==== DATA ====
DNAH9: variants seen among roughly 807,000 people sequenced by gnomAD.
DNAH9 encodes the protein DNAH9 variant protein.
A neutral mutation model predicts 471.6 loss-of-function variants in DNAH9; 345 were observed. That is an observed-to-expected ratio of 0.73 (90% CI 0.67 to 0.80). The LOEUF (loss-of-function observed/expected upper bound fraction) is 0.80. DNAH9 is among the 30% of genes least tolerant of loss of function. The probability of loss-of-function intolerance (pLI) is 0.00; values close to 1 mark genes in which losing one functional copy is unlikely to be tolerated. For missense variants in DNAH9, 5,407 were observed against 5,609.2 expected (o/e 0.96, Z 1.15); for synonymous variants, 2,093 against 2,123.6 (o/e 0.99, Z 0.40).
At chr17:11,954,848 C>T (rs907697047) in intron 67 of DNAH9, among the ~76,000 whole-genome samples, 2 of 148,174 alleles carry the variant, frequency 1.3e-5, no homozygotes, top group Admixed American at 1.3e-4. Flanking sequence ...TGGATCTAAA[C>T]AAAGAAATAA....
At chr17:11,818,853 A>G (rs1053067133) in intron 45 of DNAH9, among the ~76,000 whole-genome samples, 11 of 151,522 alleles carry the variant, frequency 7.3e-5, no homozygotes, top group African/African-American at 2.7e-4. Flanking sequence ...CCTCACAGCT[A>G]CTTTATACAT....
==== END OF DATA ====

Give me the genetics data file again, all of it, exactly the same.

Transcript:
DNAH9: variants seen among roughly 807,000 people sequenced by gnomAD.
DNAH9 encodes the protein DNAH9 variant protein.
A neutral mutation model predicts 471.6 loss-of-function variants in DNAH9; 345 were observed. That is an observed-to-expected ratio of 0.73 (90% CI 0.67 to 0.80). The LOEUF (loss-of-function observed/expected upper bound fraction) is 0.80. DNAH9 is among the 30% of genes least tolerant of loss of function. The probability of loss-of-function intolerance (pLI) is 0.00; values close to 1 mark genes in which losing one functional copy is unlikely to be tolerated. For missense variants in DNAH9, 5,407 were observed against 5,609.2 expected (o/e 0.96, Z 1.15); for synonymous variants, 2,093 against 2,123.6 (o/e 0.99, Z 0.40).
At chr17:11,954,848 C>T (rs907697047) in intron 67 of DNAH9, among the ~76,000 whole-genome samples, 2 of 148,174 alleles carry the variant, frequency 1.3e-5, no homozygotes, top group Admixed American at 1.3e-4. Flanking sequence ...TGGATCTAAA[C>T]AAAGAAATAA....
At chr17:11,818,853 A>G (rs1053067133) in intron 45 of DNAH9, among the ~76,000 whole-genome samples, 11 of 151,522 alleles carry the variant, frequency 7.3e-5, no homozygotes, top group African/African-American at 2.7e-4. Flanking sequence ...CCTCACAGCT[A>G]CTTTATACAT....